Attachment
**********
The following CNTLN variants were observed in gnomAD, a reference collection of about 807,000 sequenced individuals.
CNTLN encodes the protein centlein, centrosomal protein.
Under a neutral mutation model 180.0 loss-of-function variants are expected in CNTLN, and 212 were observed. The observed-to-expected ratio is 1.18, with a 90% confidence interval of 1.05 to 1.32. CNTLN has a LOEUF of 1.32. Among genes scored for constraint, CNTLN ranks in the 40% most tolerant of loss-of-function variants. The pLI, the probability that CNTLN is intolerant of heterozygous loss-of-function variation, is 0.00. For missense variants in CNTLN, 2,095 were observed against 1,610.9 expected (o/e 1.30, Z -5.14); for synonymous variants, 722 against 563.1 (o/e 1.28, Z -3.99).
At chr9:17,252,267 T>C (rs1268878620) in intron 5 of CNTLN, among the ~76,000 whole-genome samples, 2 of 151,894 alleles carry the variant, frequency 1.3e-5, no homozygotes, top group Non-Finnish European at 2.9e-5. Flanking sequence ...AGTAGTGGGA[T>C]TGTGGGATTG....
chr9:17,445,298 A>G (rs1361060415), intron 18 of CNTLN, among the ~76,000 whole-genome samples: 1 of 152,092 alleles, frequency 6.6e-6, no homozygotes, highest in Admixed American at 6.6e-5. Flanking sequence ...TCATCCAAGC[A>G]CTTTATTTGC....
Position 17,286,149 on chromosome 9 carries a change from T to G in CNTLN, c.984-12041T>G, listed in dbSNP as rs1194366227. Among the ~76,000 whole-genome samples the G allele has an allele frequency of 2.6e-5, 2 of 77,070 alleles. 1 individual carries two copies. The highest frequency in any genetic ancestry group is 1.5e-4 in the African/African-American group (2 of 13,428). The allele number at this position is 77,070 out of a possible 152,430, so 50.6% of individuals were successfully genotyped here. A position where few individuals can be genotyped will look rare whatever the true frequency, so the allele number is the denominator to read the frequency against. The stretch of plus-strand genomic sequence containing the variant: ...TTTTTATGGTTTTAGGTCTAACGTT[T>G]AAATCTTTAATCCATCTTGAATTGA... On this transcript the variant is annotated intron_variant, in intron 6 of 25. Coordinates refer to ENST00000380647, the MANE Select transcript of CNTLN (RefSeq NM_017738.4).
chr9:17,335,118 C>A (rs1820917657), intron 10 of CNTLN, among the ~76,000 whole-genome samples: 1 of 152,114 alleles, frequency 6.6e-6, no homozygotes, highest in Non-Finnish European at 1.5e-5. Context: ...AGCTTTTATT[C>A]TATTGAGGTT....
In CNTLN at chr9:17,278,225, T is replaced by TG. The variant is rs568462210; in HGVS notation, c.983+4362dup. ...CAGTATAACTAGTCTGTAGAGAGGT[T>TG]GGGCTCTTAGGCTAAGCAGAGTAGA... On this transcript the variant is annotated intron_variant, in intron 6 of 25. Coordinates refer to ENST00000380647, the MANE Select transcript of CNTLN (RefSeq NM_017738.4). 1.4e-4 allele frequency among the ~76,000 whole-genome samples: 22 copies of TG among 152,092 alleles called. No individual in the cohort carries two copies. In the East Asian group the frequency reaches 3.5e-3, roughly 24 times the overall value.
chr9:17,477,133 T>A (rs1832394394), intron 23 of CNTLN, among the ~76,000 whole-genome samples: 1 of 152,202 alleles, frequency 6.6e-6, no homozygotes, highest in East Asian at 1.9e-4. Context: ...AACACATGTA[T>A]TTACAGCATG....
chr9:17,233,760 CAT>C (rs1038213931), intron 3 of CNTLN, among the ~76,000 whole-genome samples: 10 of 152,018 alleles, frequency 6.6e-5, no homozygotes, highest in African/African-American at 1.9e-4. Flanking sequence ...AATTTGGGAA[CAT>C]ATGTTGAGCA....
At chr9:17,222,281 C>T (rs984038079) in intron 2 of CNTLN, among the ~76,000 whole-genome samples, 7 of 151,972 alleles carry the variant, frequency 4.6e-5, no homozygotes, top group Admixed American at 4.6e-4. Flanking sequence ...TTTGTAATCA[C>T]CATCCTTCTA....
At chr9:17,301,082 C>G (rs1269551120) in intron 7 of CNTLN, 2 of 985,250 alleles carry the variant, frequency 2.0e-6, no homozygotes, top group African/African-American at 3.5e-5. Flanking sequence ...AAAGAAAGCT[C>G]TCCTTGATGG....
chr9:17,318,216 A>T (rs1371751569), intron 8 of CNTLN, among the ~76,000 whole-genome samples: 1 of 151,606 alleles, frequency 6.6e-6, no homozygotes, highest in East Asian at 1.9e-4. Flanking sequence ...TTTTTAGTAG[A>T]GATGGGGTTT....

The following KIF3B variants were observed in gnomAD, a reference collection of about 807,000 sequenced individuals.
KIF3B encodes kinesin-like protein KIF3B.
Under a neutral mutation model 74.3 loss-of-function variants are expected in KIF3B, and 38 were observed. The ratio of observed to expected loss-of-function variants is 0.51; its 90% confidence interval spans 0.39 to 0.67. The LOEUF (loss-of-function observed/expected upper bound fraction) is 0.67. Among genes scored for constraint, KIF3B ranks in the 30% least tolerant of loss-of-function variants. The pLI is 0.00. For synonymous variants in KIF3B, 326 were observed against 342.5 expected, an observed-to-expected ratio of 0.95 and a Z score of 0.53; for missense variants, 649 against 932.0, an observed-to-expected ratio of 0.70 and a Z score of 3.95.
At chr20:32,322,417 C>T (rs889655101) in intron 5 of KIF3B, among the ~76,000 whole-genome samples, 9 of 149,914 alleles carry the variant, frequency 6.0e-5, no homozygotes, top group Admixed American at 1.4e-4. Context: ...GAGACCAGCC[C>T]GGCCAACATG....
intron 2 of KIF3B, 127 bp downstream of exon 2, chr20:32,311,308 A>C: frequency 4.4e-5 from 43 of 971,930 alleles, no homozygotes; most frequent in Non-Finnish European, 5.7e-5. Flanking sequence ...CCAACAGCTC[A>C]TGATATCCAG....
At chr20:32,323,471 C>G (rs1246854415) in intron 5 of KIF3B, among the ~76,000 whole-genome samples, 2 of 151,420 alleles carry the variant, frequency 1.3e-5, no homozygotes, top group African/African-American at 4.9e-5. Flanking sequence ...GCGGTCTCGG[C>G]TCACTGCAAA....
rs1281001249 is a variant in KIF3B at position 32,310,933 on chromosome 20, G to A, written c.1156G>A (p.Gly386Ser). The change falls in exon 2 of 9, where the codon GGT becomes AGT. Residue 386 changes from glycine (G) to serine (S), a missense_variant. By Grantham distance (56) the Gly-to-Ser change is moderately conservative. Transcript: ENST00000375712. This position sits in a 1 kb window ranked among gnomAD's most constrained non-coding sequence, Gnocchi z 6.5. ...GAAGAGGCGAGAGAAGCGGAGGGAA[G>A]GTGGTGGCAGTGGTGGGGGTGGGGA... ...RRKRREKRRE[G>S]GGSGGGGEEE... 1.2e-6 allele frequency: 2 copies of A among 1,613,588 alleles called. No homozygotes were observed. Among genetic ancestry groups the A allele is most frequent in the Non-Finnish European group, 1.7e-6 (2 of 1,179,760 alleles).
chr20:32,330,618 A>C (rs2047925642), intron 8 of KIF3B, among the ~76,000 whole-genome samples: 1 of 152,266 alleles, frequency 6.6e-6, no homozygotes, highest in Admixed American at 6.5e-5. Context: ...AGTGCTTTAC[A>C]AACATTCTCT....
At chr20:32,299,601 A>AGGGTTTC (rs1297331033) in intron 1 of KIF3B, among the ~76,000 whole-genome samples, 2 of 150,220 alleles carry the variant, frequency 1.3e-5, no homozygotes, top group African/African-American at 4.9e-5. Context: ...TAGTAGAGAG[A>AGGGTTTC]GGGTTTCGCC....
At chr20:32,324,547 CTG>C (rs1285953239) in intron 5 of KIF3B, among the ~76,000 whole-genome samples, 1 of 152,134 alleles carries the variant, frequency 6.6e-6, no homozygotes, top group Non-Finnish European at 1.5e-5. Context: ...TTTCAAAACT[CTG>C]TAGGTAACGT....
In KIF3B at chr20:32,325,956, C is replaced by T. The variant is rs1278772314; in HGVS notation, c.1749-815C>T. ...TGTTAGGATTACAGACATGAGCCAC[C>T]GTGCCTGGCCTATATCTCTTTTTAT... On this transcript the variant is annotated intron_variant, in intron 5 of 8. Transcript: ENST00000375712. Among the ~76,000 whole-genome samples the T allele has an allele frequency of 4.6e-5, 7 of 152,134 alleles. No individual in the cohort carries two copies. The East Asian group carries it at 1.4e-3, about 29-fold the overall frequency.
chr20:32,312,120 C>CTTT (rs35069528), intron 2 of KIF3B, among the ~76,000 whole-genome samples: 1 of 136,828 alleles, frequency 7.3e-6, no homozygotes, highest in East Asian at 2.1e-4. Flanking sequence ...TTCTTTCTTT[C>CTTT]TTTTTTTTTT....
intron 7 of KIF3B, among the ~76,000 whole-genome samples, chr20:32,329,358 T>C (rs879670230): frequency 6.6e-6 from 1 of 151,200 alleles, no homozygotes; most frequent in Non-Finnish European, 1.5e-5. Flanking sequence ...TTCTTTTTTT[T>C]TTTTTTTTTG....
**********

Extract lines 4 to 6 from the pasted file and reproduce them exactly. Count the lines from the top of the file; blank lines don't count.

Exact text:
At chr9:17,252,267 T>C (rs1268878620) in intron 5 of CNTLN, among the ~76,000 whole-genome samples, 2 of 151,894 alleles carry the variant, frequency 1.3e-5, no homozygotes, top group Non-Finnish European at 2.9e-5. Flanking sequence ...AGTAGTGGGA[T>C]TGTGGGATTG....
chr9:17,445,298 A>G (rs1361060415), intron 18 of CNTLN, among the ~76,000 whole-genome samples: 1 of 152,092 alleles, frequency 6.6e-6, no homozygotes, highest in Admixed American at 6.6e-5. Flanking sequence ...TCATCCAAGC[A>G]CTTTATTTGC....
Position 17,286,149 on chromosome 9 carries a change from T to G in CNTLN, c.984-12041T>G, listed in dbSNP as rs1194366227. Among the ~76,000 whole-genome samples the G allele has an allele frequency of 2.6e-5, 2 of 77,070 alleles. 1 individual carries two copies. The highest frequency in any genetic ancestry group is 1.5e-4 in the African/African-American group (2 of 13,428). The allele number at this position is 77,070 out of a possible 152,430, so 50.6% of individuals were successfully genotyped here. A position where few individuals can be genotyped will look rare whatever the true frequency, so the allele number is the denominator to read the frequency against. The stretch of plus-strand genomic sequence containing the variant: ...TTTTTATGGTTTTAGGTCTAACGTT[T>G]AAATCTTTAATCCATCTTGAATTGA... On this transcript the variant is annotated intron_variant, in intron 6 of 25. Coordinates refer to ENST00000380647, the MANE Select transcript of CNTLN (RefSeq NM_017738.4).